In every experiment with grid stoppers I have performed, they were noticeably audible, to the detriment of the transparency of the piece.

Try without, and test.  If you absolutely have to use them, do.  I think that those instances will be rare to none.


Thanks to everyone for the responses.
I don't have a generator for audio (only RF as I work on radios mostly).
No one has mentioned using any grid stoppers on this amp design yet, and a few people have built this amp on this forum. I only really started asking because I want to try a set of KT66's on this amp. so far I've run KT88's, EL34's, and 6L6GC's in this amp just to see how they change the sound. I actually like the 6L6GC's, so I thought I'd try the KT66's as I believe they have a higher rating for plate dissipation.
If no one here has seen this amp design, I have a schematic on my web page, along with some voltage readings for different power tubes I've tested.


My KT88 SE build
Poinz's post #10 explains the situation quite well. But I am going to be a little blase here.

I think the G1 stopper on a power stage is overrated. Sure, it is only a resistor, so why not - I use them as well. But often being a rebel, I once tried a test with and without, and had to increase to 27K before any noticable effect - not hearing-wise, just on the scope (frequency plot).Then, again I suspended such a resistor on up to about 10cm of wire - no trace of difference on the scope.(And the amp was good up to 160 kHz.) One does not say go crazy with wire lengths, but no need to cut off the last every mm.

In tube amplifiers I would say that generally the output transformer has a by far greater role to play in the >20 kHz region than grid stoppers.

So as pointed out, if you can test with a scope/signal generator up to 1 MHz, try it. Square waves are revealing as an initial indication of possible trouble. But again, one piously tend to put it in.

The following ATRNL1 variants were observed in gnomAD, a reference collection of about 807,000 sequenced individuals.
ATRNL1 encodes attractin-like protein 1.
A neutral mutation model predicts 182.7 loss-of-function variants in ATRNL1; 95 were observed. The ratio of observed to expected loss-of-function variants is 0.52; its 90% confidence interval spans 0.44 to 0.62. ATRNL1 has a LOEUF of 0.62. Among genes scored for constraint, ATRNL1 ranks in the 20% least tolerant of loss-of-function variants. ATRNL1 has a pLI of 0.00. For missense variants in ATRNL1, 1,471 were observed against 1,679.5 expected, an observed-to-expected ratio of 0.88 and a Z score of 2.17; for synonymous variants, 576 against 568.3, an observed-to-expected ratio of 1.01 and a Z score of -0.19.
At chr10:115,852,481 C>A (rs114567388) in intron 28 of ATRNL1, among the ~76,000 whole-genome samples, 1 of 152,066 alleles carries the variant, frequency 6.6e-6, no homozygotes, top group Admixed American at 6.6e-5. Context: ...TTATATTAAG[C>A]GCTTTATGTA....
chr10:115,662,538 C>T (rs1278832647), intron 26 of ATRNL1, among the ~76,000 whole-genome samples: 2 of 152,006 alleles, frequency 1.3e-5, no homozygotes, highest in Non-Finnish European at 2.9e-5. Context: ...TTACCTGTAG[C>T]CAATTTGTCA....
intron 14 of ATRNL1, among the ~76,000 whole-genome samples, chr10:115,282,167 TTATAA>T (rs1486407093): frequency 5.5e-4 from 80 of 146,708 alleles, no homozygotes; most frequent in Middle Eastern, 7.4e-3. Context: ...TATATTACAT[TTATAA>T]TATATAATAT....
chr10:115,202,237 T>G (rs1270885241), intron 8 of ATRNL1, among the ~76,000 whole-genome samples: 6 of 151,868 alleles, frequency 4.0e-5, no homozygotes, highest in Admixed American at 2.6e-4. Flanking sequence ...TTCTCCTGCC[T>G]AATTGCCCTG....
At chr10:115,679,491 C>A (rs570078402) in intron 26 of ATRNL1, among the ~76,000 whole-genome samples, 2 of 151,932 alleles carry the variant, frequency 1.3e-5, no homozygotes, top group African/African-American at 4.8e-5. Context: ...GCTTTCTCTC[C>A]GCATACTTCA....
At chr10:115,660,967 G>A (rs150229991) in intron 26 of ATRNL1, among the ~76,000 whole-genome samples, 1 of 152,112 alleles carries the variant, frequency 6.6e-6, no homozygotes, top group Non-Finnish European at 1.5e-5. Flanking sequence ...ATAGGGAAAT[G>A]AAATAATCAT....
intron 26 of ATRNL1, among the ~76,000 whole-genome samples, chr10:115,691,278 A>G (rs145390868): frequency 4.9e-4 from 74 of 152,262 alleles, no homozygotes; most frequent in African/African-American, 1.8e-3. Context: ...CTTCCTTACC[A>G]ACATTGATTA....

Further (perhaps unnecessary) detail. Hope you are not simply plugging KT66, KT88, EL34 or 6L6GC into the same circuit. There are bias differences, apart from variations of Gm from 6600 umhos to over 11 000. The playground will not be level by simply "rolling" different tubes.

To conclude, Glenn, please forget about this business of "another component in the signal route" (particularly referring to resistors and capacitors). This is another overrated pious urban legend, simply because it has a ring of logic to it. Unless one is using heroically inferior components, they cannot nearly have an effect in audio simply because of their presence - on the contrary.

PS: Poinz, your immediately above post: True, but one must just specify 6L6GC, not earlier GA, GB etc models of lower Pa - small detail.

Edit: Typos
Poindexter said:
Pa max for the 6L6 is 30w. Max for the KT66 is 25w, same as EL34/6CA7.

My bad, I thought I saw 30 somewhere. No big deal, as I changed my bias anyway to run EL34's at a more conservative dissipation. They were running right at the 25w limit, so I changed the cathode resistor to 560R from the original 470R. Now I'm around 22W.

Thanks for your comments. I haven't actually tried adding a grid stop resistor yet, so I may try it just to see if I can actually hear any difference. As for just plugging in different tube types, I'm aware that the bias is not optimal for every one of these tubes. I've actually sat down and looked at where the tubes are operating with the voltage/current measurements I have recorded for this circuit. I was actually thinking of changing the biasing circuit to make it a fixed bias instead of the cathode bias as it is now. I'd have to look for some circuits that are like this. I was actually thinking of something where I could access a trim pot and test point on top of the chassis to set the bias easily for each tube type, like a Dynaco ST70.
Aren't there also circuits out there that "Auto-bias" power tubes?
I was just looking at the schematic for the "Simple SE" board from Tubelab, and I noticed that R16 &R26 are 100ohm 1/4 W metal film resistors. I was under the impression from things I've read that grid stop resistors should be carbon composition or at the least carbon film. Is this true? I've been putting off installing grid stop resistors because all I have are metal films.